The quiet casualty of our hyper-connectivity, the unending psychic drain by the mystical internet, is our ability to focus. The fact is, the less you focus and concentrate in your life, the more your ability to do so wears away.
I recognize this each time I sit down to work on the next act of a play or the new verse of a song. I feel my attention swing and dip, waver and jump, and then rudder into its well-trodden desire for techno-distraction. Every month an important project slips past unfinished, I notice my fading attention and my atrophying concentration.
But the more I want to create, the more I recognize the need for consistent and sustained periods of focus. Whether it’s writing a play, composing a new harmony, or developing a proposal, attention that sticks to the task at hand, is the essential creative skill.
The ability to do focused work is “becoming increasingly rare at exactly the same time it is becoming increasingly valuable in our economy” writes Cal Newport, author of Deep Work. (14)
As we place more of our attention on shallow activities like social media posting, email responding, and web surfing, we erode meaningful uses of our energy and our ability to do deep work. Over time, we might encounter an increased resistance to focusing, a discomfort with going deep, and a lackluster energy to do the work that means the most to us. Yet, there are strategies that can bring us back to life.*
#1 Create a distraction-free environment
Deep work requires, at a minimum, uninterrupted concentration in a distraction-free environment. The reason is relatively simple. Newport writes:
“By focusing intensely on a specific skill, you’re forcing the specific relevant circuit to fire again and again, in isolation.” (36)
Multitasking in effect is doing the opposite. It forces the brain to engage in a range of tasks without assigning priority inhibiting the isolation and growth of targeted neural circuitry. If you want to learn a new skill like playing the piano or write a screenplay, you’re shooting yourself in the foot by working in open work spaces or coffee shops that create the perfect environment to impedes deep work states. Neuroscientists running experiments for the British TV special, The Secret Life of Office Buildings tell us:
“If you are just getting into some work and a phone goes off in the background, it ruins what you are concentrating on. Even though you are not aware of it at the time, the brain responds to distractions.” (51)
Given how many of us find it challenging to create time to work on our most important projects, we’d do better to put a premium on distraction-free environments that allow us to go deeper.
2. Inhibit interruptions
Unfortunately, our brain is not very good at moving back and forth between concentration and distraction. A text or slack message, a phone call, even a friendly greeting are just a few of the ways our attention is interrupted. These small interruptions then add up, fragmenting our attention and diminishing the total energy we have to give to our task.
Even more, interruptions exponentially increase the amount of time needed to complete a project. For those of us with limited time to focus on our most important projects, this idea alone should be enough to get us to do all we can to block out interruptions for the duration of our work sessions.
The how is obvious (go to the library, wear headphones, turn off all phones and alerts, tell co-workers your offline for the next two hours, find an isolated corner, close your door), it’s the will to do so that is often left unengaged.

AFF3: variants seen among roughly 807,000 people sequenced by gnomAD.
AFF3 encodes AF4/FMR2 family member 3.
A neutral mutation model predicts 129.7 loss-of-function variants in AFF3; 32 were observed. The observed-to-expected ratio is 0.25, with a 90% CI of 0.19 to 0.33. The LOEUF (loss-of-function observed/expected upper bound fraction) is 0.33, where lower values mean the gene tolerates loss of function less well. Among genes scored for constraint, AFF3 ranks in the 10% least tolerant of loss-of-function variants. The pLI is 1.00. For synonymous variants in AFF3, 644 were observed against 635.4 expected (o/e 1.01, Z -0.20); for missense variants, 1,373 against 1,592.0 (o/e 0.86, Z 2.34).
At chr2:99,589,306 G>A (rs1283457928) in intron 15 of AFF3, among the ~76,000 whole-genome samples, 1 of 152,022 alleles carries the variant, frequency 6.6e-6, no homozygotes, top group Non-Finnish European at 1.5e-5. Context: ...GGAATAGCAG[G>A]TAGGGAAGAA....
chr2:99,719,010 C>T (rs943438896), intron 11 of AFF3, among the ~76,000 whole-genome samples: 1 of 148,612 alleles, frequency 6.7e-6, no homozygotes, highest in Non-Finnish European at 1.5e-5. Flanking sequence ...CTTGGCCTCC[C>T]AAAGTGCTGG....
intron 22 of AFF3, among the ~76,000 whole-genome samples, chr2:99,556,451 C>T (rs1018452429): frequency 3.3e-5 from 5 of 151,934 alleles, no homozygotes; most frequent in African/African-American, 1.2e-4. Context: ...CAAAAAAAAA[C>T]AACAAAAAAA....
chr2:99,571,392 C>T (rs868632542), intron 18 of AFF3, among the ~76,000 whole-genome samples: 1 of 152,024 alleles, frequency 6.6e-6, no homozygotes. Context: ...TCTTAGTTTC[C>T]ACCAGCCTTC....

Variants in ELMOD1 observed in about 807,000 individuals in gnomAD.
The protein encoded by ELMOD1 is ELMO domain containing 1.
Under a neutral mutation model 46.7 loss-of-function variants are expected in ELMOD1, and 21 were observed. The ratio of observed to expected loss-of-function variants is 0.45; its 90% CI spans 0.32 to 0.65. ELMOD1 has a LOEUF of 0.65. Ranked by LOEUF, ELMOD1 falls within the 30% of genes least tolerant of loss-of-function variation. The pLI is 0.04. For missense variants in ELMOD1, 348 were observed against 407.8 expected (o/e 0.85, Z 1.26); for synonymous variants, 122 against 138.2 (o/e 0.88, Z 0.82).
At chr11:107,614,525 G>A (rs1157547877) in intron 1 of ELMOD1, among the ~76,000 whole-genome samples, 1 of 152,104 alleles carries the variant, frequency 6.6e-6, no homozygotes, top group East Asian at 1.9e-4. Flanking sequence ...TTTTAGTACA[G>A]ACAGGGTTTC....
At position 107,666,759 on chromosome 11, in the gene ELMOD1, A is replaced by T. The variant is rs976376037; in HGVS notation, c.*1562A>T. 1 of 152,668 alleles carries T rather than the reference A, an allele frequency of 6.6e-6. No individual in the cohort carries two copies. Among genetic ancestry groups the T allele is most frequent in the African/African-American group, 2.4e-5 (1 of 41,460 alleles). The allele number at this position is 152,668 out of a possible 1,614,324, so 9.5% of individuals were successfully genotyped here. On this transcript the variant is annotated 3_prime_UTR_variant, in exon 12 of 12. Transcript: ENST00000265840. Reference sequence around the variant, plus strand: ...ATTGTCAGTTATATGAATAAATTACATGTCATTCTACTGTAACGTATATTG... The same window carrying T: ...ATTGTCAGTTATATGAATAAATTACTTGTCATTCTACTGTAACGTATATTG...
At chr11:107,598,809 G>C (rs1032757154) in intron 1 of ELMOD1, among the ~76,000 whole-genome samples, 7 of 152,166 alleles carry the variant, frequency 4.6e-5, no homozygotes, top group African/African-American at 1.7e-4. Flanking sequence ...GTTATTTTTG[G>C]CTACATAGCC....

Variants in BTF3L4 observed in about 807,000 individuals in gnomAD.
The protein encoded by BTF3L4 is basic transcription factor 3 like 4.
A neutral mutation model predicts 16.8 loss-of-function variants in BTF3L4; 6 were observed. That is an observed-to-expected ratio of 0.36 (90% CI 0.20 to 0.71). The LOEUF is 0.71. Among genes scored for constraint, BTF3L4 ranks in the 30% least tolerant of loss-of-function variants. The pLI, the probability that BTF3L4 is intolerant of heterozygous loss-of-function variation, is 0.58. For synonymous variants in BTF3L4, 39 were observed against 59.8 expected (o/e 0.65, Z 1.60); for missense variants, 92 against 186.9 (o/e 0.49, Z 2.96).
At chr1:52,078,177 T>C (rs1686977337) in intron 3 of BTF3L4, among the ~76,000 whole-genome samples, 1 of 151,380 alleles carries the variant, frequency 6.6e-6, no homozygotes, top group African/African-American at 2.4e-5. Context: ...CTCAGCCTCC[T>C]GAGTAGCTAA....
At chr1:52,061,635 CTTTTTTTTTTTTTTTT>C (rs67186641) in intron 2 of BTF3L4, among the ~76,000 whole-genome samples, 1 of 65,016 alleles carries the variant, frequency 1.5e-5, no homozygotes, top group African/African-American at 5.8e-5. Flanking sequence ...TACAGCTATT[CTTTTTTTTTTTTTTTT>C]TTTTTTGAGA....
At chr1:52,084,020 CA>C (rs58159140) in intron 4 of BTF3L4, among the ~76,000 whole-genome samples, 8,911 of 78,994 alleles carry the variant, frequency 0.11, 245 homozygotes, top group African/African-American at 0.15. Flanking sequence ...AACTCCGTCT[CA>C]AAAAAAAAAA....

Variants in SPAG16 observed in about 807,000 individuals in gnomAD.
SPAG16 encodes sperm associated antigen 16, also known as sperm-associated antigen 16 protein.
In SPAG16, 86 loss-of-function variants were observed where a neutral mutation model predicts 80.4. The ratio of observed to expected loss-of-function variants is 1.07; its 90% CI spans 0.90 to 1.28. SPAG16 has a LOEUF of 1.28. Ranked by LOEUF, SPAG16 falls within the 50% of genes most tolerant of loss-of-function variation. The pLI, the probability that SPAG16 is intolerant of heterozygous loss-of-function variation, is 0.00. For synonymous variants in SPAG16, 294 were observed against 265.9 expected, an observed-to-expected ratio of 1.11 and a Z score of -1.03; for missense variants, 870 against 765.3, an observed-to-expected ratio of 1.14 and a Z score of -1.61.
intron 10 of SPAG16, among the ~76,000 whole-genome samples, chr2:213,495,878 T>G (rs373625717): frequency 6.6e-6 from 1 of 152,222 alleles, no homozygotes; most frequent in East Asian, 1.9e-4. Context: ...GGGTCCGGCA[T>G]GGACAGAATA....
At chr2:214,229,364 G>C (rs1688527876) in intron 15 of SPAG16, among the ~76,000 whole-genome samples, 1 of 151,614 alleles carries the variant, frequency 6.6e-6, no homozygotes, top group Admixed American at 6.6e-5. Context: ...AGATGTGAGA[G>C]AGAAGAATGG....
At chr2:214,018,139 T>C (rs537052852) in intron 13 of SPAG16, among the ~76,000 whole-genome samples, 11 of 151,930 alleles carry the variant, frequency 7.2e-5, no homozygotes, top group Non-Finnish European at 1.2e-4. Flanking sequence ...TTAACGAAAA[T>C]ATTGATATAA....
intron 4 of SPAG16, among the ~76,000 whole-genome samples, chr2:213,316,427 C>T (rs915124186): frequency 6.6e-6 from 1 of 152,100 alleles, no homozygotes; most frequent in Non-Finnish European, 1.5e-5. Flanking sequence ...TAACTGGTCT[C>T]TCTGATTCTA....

3. Build focus like a muscle
Focused attention is a skill that increases with practice. Like a new workout, the first few weeks are tiring and hard. We want to give up and do something easier. In the same way, as we increase the length of time in which we stick with increasing loads of cognitive intensity, we may want to stop, grab something to eat, check our phones, get another cup of coffee, etc.
But like exercise, the fluttering of attention away from what we are doing is part of the workout. We just keep bringing our attention back. And some interesting neurological benefits are garnered by those who do so.
In addition to producing more meaningful work, rapt concentration creates a mental environment where there is no attention left to worry, perseverate, or fall into despair.
4. Create routines and rituals
Routines and rituals move us beyond good intentions and help “minimize the amount of . . . limited willpower necessary to transition into a state of unbroken concentration.” (100)
The more specific and simple you can make your routines and rituals, the more likely they will support you when things get tough. When I am experimenting with a new ritual to increase my deep work states, I run through it a few times like an actor reviews their movements on stage. I get it in my body as much as possible so that when I’m tired or wanting to do something else, I give over to the ritual and let it guide me into my work (this is also a basic principle of most spiritual disciplines).
The type of ritual or routine is only limited by your imagination.
Here are a few examples:
- Creating a starting and ending ritual for your deep work sessions.
- Doing your session in the same place or at the same time each day.
- Using the same pen or lighting a candle before you begin.
- Reviewing your grandest vision of your project before you start.
- Booking one weekend a month to work exclusively on a meaningful project.
- Putting a sign on your door letting everyone know you are not to be disturbed.
- Designating a target number of words or pages to write, measures to compose, or length of time to work.
5. Move email to the periphery of your work day
For most of us, email does not create new value nor engage us in meaningful work. It’s, by and large, reactive, depressing, and endless. When responding to email is left unscheduled, it eats away at our downtime, fragmenting our attention, and diminishing our rest.
Email is one of the key examples illustrating Newport’s principle of least resistance, wherein the absence of clear focus, “we will tend toward behaviors that are easiest in the moment.” (58) Rather than taking charge of our attention and making the tough decision of what to work on when, we may drag our heels letting our inbox decide our daily fate.
6. Experiment with the forms of deep work